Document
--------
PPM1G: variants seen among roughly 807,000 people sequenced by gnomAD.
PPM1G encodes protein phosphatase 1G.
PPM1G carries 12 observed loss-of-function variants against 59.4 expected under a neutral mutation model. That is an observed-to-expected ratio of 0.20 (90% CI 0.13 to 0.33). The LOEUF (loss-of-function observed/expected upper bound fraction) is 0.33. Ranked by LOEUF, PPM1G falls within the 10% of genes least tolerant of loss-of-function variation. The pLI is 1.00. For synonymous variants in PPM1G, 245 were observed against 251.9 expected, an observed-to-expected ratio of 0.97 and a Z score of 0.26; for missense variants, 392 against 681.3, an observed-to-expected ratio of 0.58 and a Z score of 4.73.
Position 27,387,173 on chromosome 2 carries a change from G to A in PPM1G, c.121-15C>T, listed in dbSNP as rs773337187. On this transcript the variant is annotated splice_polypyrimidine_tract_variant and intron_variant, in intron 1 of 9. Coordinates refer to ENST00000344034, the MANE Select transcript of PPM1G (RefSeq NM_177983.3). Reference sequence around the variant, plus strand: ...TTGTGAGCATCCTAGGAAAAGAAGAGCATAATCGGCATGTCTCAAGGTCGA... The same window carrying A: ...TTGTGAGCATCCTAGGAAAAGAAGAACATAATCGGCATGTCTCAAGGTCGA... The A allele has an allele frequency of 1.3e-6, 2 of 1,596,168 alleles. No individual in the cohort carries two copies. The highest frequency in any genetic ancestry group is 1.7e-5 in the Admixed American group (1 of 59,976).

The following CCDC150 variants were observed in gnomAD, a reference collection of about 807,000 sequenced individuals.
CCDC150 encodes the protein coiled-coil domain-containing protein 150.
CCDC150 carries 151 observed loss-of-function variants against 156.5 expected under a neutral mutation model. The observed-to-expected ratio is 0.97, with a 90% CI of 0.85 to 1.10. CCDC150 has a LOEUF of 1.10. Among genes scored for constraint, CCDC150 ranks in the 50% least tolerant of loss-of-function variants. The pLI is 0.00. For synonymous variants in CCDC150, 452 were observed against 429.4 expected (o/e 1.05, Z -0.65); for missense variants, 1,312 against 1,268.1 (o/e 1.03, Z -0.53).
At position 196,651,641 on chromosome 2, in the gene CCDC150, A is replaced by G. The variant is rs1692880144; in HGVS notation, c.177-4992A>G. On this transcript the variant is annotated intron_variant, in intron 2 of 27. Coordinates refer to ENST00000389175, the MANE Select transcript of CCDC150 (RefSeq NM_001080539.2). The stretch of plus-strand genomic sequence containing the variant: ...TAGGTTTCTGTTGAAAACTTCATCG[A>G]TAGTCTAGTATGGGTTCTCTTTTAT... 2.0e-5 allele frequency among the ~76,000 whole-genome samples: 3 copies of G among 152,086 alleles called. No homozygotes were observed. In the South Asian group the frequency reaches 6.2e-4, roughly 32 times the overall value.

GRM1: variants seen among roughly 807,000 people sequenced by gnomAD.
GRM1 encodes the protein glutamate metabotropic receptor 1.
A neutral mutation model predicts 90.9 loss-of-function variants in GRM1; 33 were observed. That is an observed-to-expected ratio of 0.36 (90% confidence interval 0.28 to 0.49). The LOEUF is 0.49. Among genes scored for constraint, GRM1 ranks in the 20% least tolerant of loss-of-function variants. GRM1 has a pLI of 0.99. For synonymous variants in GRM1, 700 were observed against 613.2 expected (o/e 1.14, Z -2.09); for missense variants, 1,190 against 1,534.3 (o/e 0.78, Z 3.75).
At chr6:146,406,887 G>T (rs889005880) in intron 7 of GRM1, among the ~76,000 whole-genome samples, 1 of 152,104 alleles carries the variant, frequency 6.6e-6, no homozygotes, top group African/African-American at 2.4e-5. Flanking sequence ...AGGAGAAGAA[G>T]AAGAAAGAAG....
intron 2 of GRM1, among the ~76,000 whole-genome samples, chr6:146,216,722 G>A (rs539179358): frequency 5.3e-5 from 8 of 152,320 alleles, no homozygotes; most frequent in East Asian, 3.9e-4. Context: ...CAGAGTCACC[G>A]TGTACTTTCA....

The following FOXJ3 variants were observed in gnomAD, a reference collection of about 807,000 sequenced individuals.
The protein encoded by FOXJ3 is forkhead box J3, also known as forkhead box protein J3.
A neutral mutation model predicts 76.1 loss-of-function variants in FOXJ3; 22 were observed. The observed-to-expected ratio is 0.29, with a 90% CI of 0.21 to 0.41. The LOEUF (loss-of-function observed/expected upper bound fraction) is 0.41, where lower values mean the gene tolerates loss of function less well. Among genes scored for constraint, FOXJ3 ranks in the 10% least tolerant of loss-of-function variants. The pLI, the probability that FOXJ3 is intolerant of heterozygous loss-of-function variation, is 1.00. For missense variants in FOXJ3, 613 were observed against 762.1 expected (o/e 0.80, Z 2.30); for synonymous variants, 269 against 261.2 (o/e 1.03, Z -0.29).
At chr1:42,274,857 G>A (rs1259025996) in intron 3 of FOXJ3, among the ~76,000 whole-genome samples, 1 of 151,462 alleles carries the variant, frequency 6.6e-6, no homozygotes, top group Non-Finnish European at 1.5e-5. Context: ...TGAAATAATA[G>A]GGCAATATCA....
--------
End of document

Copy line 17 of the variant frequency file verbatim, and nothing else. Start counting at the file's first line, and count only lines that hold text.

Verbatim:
At chr1:42,274,857 G>A (rs1259025996) in intron 3 of FOXJ3, among the ~76,000 whole-genome samples, 1 of 151,462 alleles carries the variant, frequency 6.6e-6, no homozygotes, top group Non-Finnish European at 1.5e-5. Context: ...TGAAATAATA[G>A]GGCAATATCA....